Ilana’s   paper  bonfire for Lag B’Omer

The Juniors Group, grades 3-5, teacher Renee Dorman

In April, the juniors class discussed how music can be used to create change and reviewed the history of Israel through music. We watched the music video of “March March” by The Chicks and listened to “The Times They Are A Changin'” by Bob Dylan to discuss the power of music and our duty to fight for justice.

Then we listened to 10 Israeli songs and watched a video putting them in context. We drew as we listened to the music, then went back to add color while we learned the historical context of each song. All the Israeli songs and the informational video can be found at https://youtube.com/playlist?list=PLt3DCnxWC38o0xk1-m5R4eMsphLv36Bbe

The B’Mitzvah Prep Group, grades 6-8, teacher Eva Cohen
During JCS this month the B Mitzvah prep class spent most of the lesson focused on Yiddish. After opening with discussion about the Derek Chauvin trial, Daunte Wright’s recent killing, and issues of justice and protest, we did our regular Hebrew conversation warm-up. Then we shifted to Yiddish, reviewing the letters of the aleph-beys and the sounds that they make together.
Next, students worked in teams to transliterate Yiddish terms ranging from מבֿין (meyven) to מענטש (mentsh) and all things in between. Students compared their transliterations to an answer key, then matched transliterated terms to their correct definitions and again compared their matches to an answer key. Finally, students wrote  creative pieces that incorporated at least ten of these Yiddish terms and shared their clever, funny writing with the class.
We closed with students  sharing what they already know about the Holocaust, the topic of our next session.

March JCS News

In March, our Jewish Cultural School classes all had Passover on their minds, with our Or Emet Seder scheduled for the following Sunday.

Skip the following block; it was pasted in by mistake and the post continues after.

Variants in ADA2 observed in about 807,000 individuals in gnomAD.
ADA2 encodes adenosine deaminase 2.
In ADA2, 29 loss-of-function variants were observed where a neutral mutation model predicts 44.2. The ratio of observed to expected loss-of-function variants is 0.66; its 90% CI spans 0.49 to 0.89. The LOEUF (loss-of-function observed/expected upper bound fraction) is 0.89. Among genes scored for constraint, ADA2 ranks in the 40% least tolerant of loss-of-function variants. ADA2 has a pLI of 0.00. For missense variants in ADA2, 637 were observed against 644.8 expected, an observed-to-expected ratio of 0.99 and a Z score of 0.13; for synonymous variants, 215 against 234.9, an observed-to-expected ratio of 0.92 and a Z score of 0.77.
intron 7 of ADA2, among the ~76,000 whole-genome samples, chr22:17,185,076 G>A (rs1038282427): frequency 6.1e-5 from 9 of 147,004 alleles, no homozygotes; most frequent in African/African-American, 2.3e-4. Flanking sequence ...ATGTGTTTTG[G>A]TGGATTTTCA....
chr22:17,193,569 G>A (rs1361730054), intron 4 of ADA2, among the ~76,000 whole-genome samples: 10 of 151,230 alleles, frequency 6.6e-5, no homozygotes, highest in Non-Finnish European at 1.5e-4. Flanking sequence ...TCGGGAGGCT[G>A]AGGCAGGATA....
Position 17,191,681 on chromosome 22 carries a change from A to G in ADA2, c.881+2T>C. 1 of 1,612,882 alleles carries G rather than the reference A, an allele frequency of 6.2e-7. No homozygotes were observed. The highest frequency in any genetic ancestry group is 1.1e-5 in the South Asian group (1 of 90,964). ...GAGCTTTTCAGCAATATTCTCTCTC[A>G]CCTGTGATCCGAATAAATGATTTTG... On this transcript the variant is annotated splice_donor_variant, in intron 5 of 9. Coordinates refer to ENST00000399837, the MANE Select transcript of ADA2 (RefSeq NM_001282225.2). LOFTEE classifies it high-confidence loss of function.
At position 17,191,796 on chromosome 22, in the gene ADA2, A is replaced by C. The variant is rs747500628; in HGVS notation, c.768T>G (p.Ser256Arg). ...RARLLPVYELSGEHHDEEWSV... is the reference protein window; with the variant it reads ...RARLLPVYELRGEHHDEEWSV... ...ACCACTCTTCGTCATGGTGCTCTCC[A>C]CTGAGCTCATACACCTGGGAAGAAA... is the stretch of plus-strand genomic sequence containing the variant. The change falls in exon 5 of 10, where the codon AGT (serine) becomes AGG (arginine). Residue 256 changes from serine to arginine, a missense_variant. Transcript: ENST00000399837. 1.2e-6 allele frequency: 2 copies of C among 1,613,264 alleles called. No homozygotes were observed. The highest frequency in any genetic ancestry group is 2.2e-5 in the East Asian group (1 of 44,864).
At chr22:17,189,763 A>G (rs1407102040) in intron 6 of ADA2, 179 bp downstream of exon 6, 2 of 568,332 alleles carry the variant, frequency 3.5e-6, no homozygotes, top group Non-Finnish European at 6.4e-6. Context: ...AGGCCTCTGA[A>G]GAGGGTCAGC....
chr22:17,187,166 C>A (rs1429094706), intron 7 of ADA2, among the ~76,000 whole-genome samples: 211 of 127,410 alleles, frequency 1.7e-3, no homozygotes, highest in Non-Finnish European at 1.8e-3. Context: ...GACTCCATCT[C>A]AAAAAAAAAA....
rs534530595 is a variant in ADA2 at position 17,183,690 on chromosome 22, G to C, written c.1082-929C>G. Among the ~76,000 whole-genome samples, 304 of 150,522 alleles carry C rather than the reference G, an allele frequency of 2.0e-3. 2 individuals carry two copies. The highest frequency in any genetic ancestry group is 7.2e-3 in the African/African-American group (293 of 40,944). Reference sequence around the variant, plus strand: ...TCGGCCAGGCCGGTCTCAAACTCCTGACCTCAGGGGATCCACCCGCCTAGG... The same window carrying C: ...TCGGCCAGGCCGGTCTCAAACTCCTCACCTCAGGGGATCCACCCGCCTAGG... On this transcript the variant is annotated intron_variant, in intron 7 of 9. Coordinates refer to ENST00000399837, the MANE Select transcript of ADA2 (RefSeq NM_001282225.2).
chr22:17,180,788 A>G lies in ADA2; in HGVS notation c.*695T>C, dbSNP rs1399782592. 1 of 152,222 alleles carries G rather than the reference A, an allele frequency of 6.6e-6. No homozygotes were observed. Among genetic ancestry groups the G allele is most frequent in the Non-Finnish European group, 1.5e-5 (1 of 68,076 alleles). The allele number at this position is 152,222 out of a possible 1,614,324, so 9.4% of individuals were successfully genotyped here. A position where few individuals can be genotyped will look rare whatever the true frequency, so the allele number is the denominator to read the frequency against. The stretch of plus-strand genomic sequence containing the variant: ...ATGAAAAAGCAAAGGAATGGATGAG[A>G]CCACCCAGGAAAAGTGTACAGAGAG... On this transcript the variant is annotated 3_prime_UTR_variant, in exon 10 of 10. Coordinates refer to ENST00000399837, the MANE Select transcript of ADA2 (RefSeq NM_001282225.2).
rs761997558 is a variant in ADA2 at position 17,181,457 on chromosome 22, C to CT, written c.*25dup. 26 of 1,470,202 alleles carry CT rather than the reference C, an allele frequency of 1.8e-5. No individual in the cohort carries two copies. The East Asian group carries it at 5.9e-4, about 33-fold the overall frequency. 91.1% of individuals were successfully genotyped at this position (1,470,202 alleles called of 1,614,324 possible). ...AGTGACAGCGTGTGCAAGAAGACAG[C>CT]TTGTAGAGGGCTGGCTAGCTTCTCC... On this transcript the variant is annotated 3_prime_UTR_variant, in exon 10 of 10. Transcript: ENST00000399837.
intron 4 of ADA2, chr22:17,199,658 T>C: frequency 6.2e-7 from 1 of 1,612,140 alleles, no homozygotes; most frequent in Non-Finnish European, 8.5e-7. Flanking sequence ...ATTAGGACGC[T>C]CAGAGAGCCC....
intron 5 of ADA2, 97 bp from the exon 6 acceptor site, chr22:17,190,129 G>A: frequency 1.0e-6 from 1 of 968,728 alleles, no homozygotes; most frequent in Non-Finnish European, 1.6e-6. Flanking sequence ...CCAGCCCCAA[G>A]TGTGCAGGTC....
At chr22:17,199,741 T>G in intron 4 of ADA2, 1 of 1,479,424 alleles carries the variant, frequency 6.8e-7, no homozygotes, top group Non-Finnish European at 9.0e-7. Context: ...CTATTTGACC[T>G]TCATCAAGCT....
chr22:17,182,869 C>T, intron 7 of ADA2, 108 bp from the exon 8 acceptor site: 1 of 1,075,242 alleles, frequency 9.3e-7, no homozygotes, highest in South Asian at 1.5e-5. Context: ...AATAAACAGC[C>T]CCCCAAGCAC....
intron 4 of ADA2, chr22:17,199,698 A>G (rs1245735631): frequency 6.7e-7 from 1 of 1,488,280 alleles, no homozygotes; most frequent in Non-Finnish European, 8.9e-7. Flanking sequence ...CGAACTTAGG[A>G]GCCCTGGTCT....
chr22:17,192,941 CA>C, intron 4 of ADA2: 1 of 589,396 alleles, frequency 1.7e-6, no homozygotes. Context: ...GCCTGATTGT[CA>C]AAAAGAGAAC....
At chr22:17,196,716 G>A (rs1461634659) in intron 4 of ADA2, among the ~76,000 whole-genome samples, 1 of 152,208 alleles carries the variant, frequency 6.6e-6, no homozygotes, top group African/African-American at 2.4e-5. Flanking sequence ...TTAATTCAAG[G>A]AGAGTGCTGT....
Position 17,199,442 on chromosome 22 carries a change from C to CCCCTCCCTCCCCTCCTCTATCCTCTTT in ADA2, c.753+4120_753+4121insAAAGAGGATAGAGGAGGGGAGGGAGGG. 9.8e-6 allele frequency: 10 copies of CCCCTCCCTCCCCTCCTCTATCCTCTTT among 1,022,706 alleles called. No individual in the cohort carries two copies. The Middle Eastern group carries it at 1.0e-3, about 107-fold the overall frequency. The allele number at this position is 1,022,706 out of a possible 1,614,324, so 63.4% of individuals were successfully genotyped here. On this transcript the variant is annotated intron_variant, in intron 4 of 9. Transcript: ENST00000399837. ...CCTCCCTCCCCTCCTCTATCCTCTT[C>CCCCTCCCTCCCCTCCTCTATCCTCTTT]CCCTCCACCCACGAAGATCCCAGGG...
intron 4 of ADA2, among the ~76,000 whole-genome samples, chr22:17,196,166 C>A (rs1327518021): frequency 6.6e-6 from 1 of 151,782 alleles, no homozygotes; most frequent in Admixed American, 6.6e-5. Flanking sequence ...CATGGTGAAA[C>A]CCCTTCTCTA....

Here’s the scoop:

Littles Group: PreK – Kindergarten, teacher Josh Kaplan

Our focus at JCS this week was Passover. We learned about some of the customs we participate in, and the foods that we eat, on this special holiday. We read a book about Passover and we made matzah covers! We also learned to sing the very first part of the four questions.

 

Rebecca and her matzah cover

 

Middles Group: Grades 1 and 2, teacher Colline Roland

Today in class we practiced our Passover song with teacher Sarah. Then we reviewed the upcoming Passover holiday, talked about the plagues, and what/why we eat certain foods during Seder. Then, because we couldn’t decide what book to read, we read two books: The Great Passover Escape and Engineer Ari and the Great Passover Rush. To end, we completed a crossword and word search!

                                   

by Pamela Moritz                                        by Debra Bodin Cohen

 

Juniors Group: grades 3-5, teacher Renee Dorman

In March, the Juniors group reviewed the story of Passover, did an art project to experience to contrast between constraint and freedom, and had a discussion about when we need to have faith (and what that means for Humanists) and when we need to take action.  We also practiced a Passover song with Teacher Sarah.

A rendition of “freedom” by Ilsa

 

B’Mitzvah Prep Group: grades 6-8, teacher Eva Cohen

During class this month we:
  • learned about Jewish immigration to the US
  • learned from JCS parent Sergei Rakhmanov as he shared his immigration experience with us
  • sang Passover songs with Sarah
  • made art to be shared during Or Emet’s Passover Seder